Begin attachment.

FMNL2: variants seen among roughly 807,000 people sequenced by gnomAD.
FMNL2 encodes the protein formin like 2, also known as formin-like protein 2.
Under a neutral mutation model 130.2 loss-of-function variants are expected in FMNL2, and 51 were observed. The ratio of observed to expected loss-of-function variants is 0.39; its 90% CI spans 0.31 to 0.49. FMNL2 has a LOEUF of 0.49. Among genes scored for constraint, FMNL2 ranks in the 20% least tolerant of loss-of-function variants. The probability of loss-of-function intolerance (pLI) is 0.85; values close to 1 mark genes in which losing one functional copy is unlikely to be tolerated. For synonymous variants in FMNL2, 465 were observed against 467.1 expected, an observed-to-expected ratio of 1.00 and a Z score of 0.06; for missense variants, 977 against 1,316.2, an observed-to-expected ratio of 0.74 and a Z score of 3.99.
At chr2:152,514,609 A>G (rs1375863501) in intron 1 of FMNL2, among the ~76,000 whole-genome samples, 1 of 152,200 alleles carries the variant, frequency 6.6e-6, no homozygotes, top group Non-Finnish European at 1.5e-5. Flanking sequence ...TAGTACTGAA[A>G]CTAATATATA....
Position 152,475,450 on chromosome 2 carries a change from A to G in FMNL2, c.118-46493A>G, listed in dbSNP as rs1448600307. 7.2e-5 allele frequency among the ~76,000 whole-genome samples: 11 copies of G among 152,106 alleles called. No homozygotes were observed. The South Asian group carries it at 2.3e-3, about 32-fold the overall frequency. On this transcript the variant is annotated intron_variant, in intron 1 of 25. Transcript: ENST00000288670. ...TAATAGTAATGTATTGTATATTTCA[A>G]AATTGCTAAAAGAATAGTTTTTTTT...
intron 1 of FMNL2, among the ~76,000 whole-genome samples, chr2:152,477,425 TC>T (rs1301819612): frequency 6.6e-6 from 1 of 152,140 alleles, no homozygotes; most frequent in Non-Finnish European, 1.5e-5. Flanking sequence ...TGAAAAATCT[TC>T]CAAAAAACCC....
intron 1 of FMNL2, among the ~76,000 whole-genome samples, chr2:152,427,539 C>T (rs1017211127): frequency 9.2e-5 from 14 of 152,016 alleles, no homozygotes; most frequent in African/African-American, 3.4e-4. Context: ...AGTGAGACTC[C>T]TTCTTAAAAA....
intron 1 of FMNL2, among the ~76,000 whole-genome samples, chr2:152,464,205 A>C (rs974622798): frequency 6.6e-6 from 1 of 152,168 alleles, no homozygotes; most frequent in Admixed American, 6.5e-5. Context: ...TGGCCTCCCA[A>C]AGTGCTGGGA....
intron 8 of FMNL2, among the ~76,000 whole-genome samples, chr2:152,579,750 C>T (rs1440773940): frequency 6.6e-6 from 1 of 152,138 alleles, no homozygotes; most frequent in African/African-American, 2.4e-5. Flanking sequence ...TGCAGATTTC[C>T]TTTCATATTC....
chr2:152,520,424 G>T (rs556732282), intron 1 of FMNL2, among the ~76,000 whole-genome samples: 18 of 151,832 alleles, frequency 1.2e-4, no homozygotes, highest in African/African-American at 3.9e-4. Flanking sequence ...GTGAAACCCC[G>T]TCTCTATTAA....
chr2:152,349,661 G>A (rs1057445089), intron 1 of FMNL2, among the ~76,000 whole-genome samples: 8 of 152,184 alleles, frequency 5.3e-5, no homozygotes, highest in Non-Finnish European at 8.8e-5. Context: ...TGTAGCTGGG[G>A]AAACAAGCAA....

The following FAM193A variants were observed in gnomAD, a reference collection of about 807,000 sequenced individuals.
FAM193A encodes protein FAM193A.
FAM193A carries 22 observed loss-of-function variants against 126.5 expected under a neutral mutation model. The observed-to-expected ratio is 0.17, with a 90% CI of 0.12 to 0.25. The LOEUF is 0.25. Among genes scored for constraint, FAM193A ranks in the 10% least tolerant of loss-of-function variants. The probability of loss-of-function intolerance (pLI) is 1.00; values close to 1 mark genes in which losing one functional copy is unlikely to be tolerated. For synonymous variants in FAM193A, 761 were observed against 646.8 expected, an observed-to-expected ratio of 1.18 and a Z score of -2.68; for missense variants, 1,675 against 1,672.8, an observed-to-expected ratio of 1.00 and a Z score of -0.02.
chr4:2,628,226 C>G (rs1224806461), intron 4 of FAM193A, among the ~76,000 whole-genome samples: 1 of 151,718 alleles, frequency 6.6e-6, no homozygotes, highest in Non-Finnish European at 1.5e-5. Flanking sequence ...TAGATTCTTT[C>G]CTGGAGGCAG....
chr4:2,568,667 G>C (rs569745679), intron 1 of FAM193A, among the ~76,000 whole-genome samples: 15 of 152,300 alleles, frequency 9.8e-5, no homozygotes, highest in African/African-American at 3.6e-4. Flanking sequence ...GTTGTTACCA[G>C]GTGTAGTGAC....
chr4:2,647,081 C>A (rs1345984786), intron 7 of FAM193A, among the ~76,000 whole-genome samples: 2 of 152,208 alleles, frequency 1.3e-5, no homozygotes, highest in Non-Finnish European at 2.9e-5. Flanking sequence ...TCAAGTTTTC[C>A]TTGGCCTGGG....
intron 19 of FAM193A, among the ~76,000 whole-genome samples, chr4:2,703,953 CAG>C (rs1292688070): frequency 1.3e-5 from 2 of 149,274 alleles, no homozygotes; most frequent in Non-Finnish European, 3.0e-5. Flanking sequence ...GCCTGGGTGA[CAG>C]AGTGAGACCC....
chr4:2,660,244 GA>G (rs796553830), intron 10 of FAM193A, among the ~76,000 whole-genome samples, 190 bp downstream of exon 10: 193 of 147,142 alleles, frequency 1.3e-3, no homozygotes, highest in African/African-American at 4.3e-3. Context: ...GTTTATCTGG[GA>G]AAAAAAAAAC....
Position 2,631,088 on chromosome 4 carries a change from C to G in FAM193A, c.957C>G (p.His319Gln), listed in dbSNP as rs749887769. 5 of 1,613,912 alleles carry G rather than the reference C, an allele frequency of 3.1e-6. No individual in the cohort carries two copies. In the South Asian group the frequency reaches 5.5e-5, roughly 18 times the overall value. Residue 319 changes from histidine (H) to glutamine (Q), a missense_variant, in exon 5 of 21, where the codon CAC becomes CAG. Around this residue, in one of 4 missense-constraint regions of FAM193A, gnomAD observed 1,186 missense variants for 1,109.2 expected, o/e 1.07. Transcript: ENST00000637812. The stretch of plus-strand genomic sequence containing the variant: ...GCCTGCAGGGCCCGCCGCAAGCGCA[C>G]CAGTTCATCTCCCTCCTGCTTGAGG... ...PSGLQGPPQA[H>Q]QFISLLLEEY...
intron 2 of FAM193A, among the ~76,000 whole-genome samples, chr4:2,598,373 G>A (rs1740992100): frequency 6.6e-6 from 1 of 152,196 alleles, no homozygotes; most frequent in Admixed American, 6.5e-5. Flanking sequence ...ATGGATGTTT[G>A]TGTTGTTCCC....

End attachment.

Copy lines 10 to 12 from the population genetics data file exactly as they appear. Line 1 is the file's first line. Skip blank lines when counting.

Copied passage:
chr2:152,520,424 G>T (rs556732282), intron 1 of FMNL2, among the ~76,000 whole-genome samples: 18 of 151,832 alleles, frequency 1.2e-4, no homozygotes, highest in African/African-American at 3.9e-4. Flanking sequence ...GTGAAACCCC[G>T]TCTCTATTAA....
chr2:152,349,661 G>A (rs1057445089), intron 1 of FMNL2, among the ~76,000 whole-genome samples: 8 of 152,184 alleles, frequency 5.3e-5, no homozygotes, highest in Non-Finnish European at 8.8e-5. Context: ...TGTAGCTGGG[G>A]AAACAAGCAA....

The following FAM193A variants were observed in gnomAD, a reference collection of about 807,000 sequenced individuals.